By Stine Fuglsang Engmose, PhD fellow, The Center for Reading Research, University of Copenhagen
As a Ph.D. student at the University of Copenhagen I have conducted research using WriteReader to investigate whether student invented spelling is an effective way to develop kindergarten children’s understanding of the alphabet and for them to develop their ability to segment words into phonemes. These skills are crucial for the development of early literacy skills.
The driving questions of my research on whether or not children learn from invented spelling include:
- Is it limited to situations where they, while producing their invented spelling, get systematic and explicit feedback from a teacher? (Intervention Group 1)
- Does it apply when less systematic and explicit feedback is provided by the teacher who simply praises the child’s invented spelling and shows the grammatically correct way to spell the word below the child’s invented spelling? (Intervention Group 2)
- Do students learn from invented spelling even if less systematic and explicit feedback is provided by a synthetic voice, which blends the individual phonemes into phoneme strings simultaneously as the student types the letters? (Intervention Group 3)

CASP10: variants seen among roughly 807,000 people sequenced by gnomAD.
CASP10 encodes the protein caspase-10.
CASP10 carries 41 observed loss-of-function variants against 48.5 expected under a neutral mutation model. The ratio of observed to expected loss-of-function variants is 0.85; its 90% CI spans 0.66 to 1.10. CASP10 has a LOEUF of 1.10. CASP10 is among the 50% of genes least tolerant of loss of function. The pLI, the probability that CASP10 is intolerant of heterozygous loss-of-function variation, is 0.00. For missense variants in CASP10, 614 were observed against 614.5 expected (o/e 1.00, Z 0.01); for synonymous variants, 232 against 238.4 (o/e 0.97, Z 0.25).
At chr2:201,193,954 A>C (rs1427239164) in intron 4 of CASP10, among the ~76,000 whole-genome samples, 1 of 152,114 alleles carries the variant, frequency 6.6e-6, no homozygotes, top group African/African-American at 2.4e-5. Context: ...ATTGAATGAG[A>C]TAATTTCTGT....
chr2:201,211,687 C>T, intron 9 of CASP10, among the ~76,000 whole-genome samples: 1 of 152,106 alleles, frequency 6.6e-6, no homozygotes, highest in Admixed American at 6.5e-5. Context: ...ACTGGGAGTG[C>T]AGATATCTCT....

My research will be comprised of an intervention study with three groups and one control group. Each group consists of 20 kindergarten children, in five different classrooms.
The three intervention groups will receive different conditions based on my research questions above. Each group will also be given a pre/posttest to measure the development of students’ reading and writing prior to the intervention.
WriteReader’s Role in the Research
WriteReader is designed for students in grades K-5 to practice creative writing. It can easily be used for writing teacher selected (or vocabulary) words in an inspiring way. In my case, I simply made a story around the words that I wanted children to practice. The goal was for the students to make a dictionary for the Minions’ figures Bob, Stuart, and Kevin. The assignment was well received by students, who gladly wrote the practice words for each session. As they were writing their practice words, they received feedback, and wrote the word again.
In addition to using WriteReader in this unconventional way, a synthetic voice was developed for this project in a beta-version. This version was used as the synthetic voice feedback in Intervention Group 3.
The pictures illustrate how the words, selected by the teacher, was written and rewritten by the child after receiving their feedback.
In this way WriteReader can be used for more structured spelling activities. As a part of my collaboration with WriteReader, the hope is that the team will be able to use my findings to develop a synthetic voice features based on best practices.